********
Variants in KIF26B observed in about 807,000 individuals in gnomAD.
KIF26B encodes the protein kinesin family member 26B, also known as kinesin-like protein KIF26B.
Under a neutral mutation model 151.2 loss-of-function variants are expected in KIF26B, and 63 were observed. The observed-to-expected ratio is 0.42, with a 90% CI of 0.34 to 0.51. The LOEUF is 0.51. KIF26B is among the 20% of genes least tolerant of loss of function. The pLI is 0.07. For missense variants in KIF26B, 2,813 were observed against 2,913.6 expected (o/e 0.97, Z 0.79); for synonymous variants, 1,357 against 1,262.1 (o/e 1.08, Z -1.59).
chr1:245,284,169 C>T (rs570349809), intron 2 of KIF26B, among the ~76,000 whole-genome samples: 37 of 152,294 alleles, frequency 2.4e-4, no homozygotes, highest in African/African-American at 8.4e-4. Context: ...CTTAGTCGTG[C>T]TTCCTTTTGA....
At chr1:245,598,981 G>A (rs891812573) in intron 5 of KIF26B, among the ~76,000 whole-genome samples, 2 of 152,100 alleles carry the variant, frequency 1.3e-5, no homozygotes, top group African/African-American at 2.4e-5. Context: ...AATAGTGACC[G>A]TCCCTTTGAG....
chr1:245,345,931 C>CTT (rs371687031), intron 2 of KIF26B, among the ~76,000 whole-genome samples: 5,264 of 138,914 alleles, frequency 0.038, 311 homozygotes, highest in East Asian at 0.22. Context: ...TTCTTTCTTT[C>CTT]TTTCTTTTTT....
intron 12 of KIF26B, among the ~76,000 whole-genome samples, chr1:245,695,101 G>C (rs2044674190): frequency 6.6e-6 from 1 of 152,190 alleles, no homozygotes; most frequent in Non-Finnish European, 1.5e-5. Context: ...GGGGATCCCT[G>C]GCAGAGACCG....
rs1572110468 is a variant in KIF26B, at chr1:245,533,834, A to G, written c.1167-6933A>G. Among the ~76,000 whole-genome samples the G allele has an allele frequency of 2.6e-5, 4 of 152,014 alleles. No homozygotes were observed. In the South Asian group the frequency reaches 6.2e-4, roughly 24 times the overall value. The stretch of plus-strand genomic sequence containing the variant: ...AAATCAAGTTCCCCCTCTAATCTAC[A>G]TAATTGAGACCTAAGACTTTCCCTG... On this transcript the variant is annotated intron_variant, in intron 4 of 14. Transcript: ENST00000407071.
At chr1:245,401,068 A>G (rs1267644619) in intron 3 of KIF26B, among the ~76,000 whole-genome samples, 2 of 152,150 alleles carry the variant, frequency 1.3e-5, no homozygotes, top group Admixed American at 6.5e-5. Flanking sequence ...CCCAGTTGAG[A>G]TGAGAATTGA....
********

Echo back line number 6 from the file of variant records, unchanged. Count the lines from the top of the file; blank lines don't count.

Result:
chr1:245,345,931 C>CTT (rs371687031), intron 2 of KIF26B, among the ~76,000 whole-genome samples: 5,264 of 138,914 alleles, frequency 0.038, 311 homozygotes, highest in East Asian at 0.22. Context: ...TTCTTTCTTT[C>CTT]TTTCTTTTTT....